Over the past 50 years, China has undeniably established itself as a global power. It has made progress on many fronts, particularly in furthering the development agenda. Nonetheless, President Xi Jinping’s efforts to cast his country as a responsible and benign super power ring hollow when his government continues to engage in hostage diplomacy. As a current academic dean and a former business executive and diplomat, I can unequivocally say that the world is eager to see China firmly commit to not using people as bargaining chips.
This is especially relevant to me because a staff member of the International Crisis Group – an organization that I co-chair – today marked his 1,000th day in Chinese detention for no other reason than the fact of his Canadian citizenship. Michael Kovrig, International Crisis Group’s senior advisor, and fellow Canadian Michael Spavor were detained in China on December 10, 2018, just 10 days after Huawei CFO Meng Wanzhou was detained in Canada pursuant to an extradition request from the United States. Recently, Spavor was sentenced to 11 years in jail and deportation. Kovrig’s sentence has not yet been issued. Both Kovrig and Spavor are held under difficult conditions with little access to the outside world.
Beijing argues that Meng’s detention was politically motivated – that it was meant to further the United States’ own leverage against Huawei. For its part, Ottawa and Washington perceive the two Canadians’ detentions as being clearly arbitrary and political. Canadian Prime Minister Justin Trudeau claims that Beijing draws a “direct link” between Meng’s case and the two Michaels. While calling for Kovrig and Spavor to be released, U.S. President Joe Biden remarked, “Human beings are not bartering chips.”
Beijing’s hostage diplomacy runs counter to its own interests. From my academic vantage point, I know all too well the importance of China opening itself up to study and healthy scrutiny, particularly by impartial experts like Michael Kovrig. His detention has a chilling effect on such studies. As a former business executive, I know cases like the two Michaels’ arbitrary detentions impact business decisions. The security of employees is paramount to any decision to enter or remain in a given market. Finally, as a former U.N. diplomat, I am aware that my colleagues are also focusing on these cases. Kovrig was a long-serving diplomat within the Canadian foreign service. U.N. Security Council representatives have noted this fact when denouncing his continued detention. Arbitrary detentions like these only give China’s competitors cause for concerns and coordination. It is again in Beijing’s own interest to avoid becoming the locus of multilateral criticism.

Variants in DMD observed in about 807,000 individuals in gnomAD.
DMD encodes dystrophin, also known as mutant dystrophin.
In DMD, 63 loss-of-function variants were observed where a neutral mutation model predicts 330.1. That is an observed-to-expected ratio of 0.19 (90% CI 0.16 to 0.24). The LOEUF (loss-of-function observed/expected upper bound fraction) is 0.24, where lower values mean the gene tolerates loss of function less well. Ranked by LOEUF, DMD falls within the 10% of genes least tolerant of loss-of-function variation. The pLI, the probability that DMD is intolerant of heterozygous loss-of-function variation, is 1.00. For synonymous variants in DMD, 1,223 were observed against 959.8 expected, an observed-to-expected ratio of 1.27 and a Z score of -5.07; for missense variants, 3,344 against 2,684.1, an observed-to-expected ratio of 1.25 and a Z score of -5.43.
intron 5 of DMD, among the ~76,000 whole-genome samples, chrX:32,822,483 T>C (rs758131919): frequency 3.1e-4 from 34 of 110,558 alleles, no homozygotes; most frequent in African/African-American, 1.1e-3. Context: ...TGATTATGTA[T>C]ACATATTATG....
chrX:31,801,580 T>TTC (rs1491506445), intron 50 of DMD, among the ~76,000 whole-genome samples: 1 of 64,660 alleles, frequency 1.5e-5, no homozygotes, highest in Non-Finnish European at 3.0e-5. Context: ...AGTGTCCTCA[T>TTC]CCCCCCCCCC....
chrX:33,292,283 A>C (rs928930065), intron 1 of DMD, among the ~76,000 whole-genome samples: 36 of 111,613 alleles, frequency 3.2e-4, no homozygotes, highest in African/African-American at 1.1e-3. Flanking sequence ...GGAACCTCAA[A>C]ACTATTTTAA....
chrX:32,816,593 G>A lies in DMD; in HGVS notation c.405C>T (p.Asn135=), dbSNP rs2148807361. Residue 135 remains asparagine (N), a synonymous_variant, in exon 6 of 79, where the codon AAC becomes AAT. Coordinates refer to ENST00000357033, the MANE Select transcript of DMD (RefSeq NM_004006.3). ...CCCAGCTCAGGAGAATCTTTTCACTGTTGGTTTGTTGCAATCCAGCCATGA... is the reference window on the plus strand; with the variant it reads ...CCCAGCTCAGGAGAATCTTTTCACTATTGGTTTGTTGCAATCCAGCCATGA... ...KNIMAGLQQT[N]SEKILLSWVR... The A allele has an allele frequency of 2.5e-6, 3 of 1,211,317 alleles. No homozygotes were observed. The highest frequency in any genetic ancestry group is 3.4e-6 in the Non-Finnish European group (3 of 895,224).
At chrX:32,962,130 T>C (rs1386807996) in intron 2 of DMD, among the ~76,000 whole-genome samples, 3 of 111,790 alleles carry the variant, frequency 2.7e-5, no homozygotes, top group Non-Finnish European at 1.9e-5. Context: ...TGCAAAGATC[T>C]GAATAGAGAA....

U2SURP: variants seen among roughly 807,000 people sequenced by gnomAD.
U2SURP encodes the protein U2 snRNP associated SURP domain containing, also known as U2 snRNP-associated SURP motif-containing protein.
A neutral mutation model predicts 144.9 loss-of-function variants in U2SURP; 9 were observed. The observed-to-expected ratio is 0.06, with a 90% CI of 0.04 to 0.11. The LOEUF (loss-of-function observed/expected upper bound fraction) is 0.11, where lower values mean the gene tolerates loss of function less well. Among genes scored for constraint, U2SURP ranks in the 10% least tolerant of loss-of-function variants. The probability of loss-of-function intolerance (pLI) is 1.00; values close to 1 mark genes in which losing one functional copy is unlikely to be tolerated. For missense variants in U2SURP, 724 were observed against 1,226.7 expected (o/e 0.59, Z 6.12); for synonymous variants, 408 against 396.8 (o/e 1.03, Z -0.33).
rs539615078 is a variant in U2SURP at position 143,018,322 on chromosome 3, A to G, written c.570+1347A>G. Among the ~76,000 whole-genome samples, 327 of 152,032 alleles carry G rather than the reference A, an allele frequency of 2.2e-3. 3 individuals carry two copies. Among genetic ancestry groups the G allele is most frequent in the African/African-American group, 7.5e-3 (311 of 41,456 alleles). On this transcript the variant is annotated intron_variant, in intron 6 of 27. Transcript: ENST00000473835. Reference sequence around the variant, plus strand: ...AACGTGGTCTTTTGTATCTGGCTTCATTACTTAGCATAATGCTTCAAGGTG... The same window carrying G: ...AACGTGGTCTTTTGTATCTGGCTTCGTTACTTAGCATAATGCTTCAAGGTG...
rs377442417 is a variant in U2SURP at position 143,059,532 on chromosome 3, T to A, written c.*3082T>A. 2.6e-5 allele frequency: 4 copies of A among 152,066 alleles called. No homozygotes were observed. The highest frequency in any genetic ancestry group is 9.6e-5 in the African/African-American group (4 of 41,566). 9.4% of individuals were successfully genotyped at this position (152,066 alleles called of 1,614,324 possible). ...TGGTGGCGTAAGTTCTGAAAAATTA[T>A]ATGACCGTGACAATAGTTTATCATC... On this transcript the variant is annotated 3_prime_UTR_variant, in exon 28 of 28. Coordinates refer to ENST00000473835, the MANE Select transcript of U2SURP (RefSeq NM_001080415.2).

Additionally, stalemated problems between countries rarely resolve themselves. The Kovrig and Spavor cases exacerbate serious rifts between Washington and Beijing. The past several years have seen tensions consistently rise between Beijing and both Democratic and Republican-led U.S. administrations. Normalized relations between China and the West should not be taken for granted. The fates of the two Michaels are test cases for the direction Beijing chooses.
From each of these vantage points, both Michaels’ continued detentions are at odds with China’s desired reputation as an open, welcoming, and global power for positive change and modernity. Beijing can act differently. It should make a gesture commensurate to its status as a global leader and release Michael Kovrig and Michael Spavor immediately.